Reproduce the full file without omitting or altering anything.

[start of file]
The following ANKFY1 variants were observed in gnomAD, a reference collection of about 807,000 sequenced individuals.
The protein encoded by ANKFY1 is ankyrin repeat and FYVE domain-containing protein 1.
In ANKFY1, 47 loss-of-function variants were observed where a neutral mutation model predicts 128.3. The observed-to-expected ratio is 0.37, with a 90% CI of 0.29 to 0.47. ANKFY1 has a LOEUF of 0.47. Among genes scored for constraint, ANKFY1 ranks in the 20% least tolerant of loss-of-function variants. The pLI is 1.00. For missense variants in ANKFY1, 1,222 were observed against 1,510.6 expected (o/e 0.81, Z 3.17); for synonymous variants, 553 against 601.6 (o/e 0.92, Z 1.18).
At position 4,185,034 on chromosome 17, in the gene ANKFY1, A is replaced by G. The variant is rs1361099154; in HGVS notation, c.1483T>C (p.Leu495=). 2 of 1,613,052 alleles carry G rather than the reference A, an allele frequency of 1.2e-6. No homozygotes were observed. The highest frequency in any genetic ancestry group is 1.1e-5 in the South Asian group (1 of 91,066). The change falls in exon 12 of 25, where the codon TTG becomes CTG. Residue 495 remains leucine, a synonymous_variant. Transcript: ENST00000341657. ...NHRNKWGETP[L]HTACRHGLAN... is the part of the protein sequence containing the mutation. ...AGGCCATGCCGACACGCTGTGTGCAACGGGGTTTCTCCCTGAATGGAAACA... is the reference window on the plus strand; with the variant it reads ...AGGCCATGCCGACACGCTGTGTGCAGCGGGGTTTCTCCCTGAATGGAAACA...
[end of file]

The following ANKFY1 variants were observed in gnomAD, a reference collection of about 807,000 sequenced individuals.
The protein encoded by ANKFY1 is ankyrin repeat and FYVE domain-containing protein 1.
In ANKFY1, 47 loss-of-function variants were observed where a neutral mutation model predicts 128.3. The observed-to-expected ratio is 0.37, with a 90% CI of 0.29 to 0.47. ANKFY1 has a LOEUF of 0.47. Among genes scored for constraint, ANKFY1 ranks in the 20% least tolerant of loss-of-function variants. The pLI is 1.00. For missense variants in ANKFY1, 1,222 were observed against 1,510.6 expected (o/e 0.81, Z 3.17); for synonymous variants, 553 against 601.6 (o/e 0.92, Z 1.18).
At position 4,185,034 on chromosome 17, in the gene ANKFY1, A is replaced by G. The variant is rs1361099154; in HGVS notation, c.1483T>C (p.Leu495=). 2 of 1,613,052 alleles carry G rather than the reference A, an allele frequency of 1.2e-6. No homozygotes were observed. The highest frequency in any genetic ancestry group is 1.1e-5 in the South Asian group (1 of 91,066). The change falls in exon 12 of 25, where the codon TTG becomes CTG. Residue 495 remains leucine, a synonymous_variant. Transcript: ENST00000341657. ...NHRNKWGETP[L]HTACRHGLAN... is the part of the protein sequence containing the mutation. ...AGGCCATGCCGACACGCTGTGTGCAACGGGGTTTCTCCCTGAATGGAAACA... is the reference window on the plus strand; with the variant it reads ...AGGCCATGCCGACACGCTGTGTGCAGCGGGGTTTCTCCCTGAATGGAAACA...